The Quiet Champion
July 14, 2000
Just how significant is Pete Sampras's Wimbledon triumph Sunday?
We've heard that this is his stunning seventh championship in eight years; that he has won an astonishing 53 of his last 54 matches on the gabled Wimbledon lawns; that he has been number one in the men's game for six of the last seven years; and that he has now surpassed Roy Emerson's record of 12 grand slam titles. All quite true and all quite remarkable, but ultimately only part of the story.
Consider this: Just shy of 29, he is an old man by tennis standards. In the last year alone, his body has been slowly breaking down--the herniated disc and the agonizing back spasms, the nagging thigh and troublesome shoulder problems, the pulled hamstring and the bouts of tendonitis, and over the Wimbledon fortnight, the ailing shin, requiring him to seek constant treatment and skip practice. And there was the pressure. Young hot shots like Magnus Norman and Lleyton Hewitt were poised to take the title, and, as the first week wore on, Andre Agassi looked very strong.
Forget what the pundits have said. Under those conditions. It was not inevitable or ever probable that Mr. Sampras would break Emerson's record.
In the end, Mr. Sampras prevailed not because of his punishing serve, or his workmanlike volley, or his laserlike forehand, but because of sheer will. In the second set, Mr. Sampras was only three points away from a two-set deficit and near-certain defeat. But he beat back rain, darkness, two delays, and most of all the superb play of the gifted Australian, Patrick Rafter. When it was over, Mr. Sampras, wiping his eyes, was as humble and awe-struck as anyone else on Centre Court.
This show of emotion was out of character for the reticent Mr. Sampras. It has been said that he makes playing look too easy. Often as a match wears on, his tongue hangs out, and he looks tired, blasé, even disengaged. the only telltale sign of fire in the belly is an occasional fist pump or the glare out the corner of his eye. But all this is an illusion. To do what he does, Mr. Sampras must do more than your average superstar athlete.
Unlike other sports, the tennis season has virtually no end. Eleven months each year, players punish their bodies, playing week in and week out on four radically different surfaces (hard court, grass, clay and carpet), indoors and outdoors, in every time zone imaginable, from Cincinnati to Sydney. No surprise, the top players invariably burn out, and often early: Bjorn Borg and John McEnroe were 25 when they won their last grand slams, Stefan Edberg was 26, Boris Becker 28, and Ivan Lendl 29. For his part, Mr. Agassi plummeted mid-career, with his ranking dropping below 100. And on the men's tour, on any given day, number 30 in the world, or 50, or even a lowly 129, can -- and does -- beat number one.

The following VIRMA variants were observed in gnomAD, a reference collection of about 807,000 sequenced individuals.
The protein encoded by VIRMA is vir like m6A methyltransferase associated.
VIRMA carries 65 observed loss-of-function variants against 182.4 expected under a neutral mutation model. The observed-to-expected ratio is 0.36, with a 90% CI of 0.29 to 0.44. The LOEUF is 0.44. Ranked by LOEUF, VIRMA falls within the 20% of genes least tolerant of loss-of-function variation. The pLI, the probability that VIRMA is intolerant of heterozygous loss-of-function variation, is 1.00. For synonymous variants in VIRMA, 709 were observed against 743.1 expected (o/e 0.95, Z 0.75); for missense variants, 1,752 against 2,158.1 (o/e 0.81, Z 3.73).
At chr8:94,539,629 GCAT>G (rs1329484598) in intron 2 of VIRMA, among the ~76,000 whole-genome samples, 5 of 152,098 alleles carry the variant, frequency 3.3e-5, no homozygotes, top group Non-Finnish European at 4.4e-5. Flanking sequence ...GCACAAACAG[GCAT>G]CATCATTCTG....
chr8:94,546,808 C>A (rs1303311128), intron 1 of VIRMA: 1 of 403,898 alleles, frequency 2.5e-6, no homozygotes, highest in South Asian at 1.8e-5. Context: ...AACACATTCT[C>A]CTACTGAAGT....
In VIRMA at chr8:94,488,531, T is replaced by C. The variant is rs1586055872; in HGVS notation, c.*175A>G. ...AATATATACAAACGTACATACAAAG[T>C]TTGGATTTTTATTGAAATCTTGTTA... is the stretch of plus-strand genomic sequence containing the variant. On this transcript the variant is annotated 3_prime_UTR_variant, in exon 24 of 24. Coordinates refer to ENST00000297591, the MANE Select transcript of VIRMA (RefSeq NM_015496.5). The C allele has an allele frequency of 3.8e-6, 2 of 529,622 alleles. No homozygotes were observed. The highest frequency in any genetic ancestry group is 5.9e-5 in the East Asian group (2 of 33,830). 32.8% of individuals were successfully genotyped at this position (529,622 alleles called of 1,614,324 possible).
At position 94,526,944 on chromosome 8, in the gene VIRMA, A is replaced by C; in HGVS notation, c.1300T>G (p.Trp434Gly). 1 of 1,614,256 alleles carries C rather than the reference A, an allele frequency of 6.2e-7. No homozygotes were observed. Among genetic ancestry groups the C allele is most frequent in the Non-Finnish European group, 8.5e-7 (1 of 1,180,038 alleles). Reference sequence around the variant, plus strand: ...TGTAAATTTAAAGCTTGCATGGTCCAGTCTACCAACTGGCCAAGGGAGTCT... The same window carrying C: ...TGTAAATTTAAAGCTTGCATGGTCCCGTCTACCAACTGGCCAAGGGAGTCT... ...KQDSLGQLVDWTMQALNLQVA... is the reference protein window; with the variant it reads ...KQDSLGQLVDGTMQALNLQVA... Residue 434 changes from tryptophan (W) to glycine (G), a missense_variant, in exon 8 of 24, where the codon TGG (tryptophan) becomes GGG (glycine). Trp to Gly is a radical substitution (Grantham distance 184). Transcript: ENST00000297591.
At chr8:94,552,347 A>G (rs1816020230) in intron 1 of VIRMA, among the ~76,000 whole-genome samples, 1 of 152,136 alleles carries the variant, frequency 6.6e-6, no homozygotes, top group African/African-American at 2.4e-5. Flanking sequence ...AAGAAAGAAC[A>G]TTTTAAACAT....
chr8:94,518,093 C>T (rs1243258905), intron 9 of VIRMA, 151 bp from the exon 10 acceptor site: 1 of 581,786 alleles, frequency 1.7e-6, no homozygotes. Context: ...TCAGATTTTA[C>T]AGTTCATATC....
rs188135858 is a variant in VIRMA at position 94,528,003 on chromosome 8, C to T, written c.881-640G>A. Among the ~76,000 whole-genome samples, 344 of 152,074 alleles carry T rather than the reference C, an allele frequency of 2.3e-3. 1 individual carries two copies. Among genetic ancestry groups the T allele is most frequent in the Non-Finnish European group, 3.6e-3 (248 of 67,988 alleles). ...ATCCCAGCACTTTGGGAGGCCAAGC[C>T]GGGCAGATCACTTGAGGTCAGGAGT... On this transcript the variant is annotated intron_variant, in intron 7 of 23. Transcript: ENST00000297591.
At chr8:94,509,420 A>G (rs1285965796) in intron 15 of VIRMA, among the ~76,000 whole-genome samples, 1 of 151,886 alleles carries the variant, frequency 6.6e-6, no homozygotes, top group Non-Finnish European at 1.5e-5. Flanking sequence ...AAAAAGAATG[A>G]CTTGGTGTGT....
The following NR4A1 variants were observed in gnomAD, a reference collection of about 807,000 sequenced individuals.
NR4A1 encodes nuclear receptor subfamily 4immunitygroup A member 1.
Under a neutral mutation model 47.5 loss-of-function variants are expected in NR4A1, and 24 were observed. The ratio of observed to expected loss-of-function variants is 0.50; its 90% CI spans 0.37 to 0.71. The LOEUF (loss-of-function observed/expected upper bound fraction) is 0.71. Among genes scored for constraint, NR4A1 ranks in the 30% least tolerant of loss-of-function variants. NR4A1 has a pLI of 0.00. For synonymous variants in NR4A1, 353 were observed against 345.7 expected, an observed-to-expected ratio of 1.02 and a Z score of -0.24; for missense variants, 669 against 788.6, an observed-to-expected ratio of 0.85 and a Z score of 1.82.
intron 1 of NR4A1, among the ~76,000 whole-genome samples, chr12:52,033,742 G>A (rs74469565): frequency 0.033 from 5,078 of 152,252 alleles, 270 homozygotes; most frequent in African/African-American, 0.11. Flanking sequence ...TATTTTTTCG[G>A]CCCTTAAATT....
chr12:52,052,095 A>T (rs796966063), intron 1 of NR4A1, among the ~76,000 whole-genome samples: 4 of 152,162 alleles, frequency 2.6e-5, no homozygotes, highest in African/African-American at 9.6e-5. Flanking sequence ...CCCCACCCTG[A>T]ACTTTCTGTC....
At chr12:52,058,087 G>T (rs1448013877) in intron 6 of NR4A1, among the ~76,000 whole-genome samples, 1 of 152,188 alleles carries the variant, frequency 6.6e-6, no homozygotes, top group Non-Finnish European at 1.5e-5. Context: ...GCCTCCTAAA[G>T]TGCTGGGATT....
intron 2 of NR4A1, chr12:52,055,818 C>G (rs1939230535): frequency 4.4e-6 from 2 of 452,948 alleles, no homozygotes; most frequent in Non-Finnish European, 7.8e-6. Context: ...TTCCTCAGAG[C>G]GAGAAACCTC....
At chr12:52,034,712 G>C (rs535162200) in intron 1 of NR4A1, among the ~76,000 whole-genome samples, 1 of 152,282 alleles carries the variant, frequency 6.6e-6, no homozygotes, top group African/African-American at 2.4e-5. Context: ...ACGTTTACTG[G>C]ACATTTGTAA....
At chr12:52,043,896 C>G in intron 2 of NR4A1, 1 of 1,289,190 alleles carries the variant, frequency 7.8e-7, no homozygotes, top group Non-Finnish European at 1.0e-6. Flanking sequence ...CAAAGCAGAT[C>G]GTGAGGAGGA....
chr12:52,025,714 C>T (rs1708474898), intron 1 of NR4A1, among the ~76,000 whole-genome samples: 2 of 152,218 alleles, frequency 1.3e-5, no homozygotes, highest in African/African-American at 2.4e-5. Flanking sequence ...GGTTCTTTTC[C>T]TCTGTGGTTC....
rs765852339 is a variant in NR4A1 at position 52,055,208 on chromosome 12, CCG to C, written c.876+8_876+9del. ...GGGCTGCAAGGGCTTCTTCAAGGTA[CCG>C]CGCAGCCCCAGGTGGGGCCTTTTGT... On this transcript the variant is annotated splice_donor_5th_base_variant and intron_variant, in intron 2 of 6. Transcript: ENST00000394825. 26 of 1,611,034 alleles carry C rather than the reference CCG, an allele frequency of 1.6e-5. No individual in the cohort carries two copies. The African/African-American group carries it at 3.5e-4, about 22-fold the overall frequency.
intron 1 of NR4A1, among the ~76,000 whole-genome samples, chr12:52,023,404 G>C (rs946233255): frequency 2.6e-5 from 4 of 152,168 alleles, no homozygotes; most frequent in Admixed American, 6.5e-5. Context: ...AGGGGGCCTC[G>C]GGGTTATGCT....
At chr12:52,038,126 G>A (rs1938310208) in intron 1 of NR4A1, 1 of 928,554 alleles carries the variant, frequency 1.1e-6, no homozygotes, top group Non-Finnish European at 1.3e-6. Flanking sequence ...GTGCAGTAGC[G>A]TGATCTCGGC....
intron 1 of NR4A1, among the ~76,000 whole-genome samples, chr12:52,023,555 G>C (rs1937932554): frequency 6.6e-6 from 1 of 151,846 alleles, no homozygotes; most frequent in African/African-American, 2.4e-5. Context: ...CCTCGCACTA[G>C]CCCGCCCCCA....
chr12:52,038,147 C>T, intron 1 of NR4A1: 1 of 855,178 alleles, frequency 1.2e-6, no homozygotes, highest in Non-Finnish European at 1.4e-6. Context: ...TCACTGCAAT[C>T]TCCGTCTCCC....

A few sports commentators understand this. They put Mr. Sampras in that special category reserved for the likes of Michael Jordan, Tiger Woods, and Mark McGwire. But this almost certainly understates Mr. Sampras's achievements. With all due respect, none of these marvelous athletes has faced the withering day-to-day pressure confronted by Mr. Sampras. And all have had someone to fall back on during "off" days: In golf, there's your caddy: in boxing, your corner: in baseball or basketball, your teammates.
Not so in tennis. In breaking the grand slam record, Mr. Sampras has done it utterly and totally alone.
What makes this all the more extraordinary is the grace and sportsmanship with which Mr. Sampras comports himself. These are not words we often hear these days, but Mr. Sampras does neatly embody them, neither gloating in victory nor whining in defeat. The phrase he repeated most after this Wimbledon win on Sunday was "thank you," to his parents, his fiancée, the fans, and, finally, just for the chance to play. Mr. Sampras is like an apparition from an earlier era, recalling a more gracious and less course America, a time when the match's winner gallantly jumped over the net.
But oddly, for mainstream commentators, being a quiet champion isn't enough. Too often, to listen to the chattering class, you would think Mr. Sampras has done nothing right. He is routinely called a "yawn." The networks prefer to air the women's tour, ESPN, in its roundup of the top athletes of the 20th Century, dwelled upon his "quirks," like sleeping "without any light," and ranked Mr. Sampras at number 48, 13 places below a horse (Secretariat). An no doubt, to the further consternation of some, he is an avowed Republican.
After Sunday, this should change. Mr. Sampras may not yet be the greatest tennis player of all time--the French Open, with its hot, baking red clay and tenaciously partisan crowds, still eludes him as do Rod Laver's two grand slams (i.e., winning the four major tournaments in one year). But he is arguably the greatest athlete competing today. He is certainly the most gentlemanly.
Here, is a little story. In 1994, on a back court at Wimbledon, Mr. Sampras joined three elders of the game, his idol, Mr. Laver, and also Ken Rosewall and Fred Stolle, for a half hour of hitting. Unlike a Jimmy Connors or John McEnroe or a Venus Williams or Martina Hingis, there was no flash, no trash talk, no theatrics or braggadocio. Just the soft thud of immaculate strokes, the sweet sight of Mr. Laver's and Mr. Sampras's running forehands, an occasional call of "good shot, mate," and the firm handshake at the net.
Mr. Sampras believes in tradition, in the history of the game. Sadly, he may be appreciated best only once he is gone.
Mr. Winik is a senior scholar at the University of Maryland School of Public Affairs. His book, "April 1865," will be published next year by Harper Collins.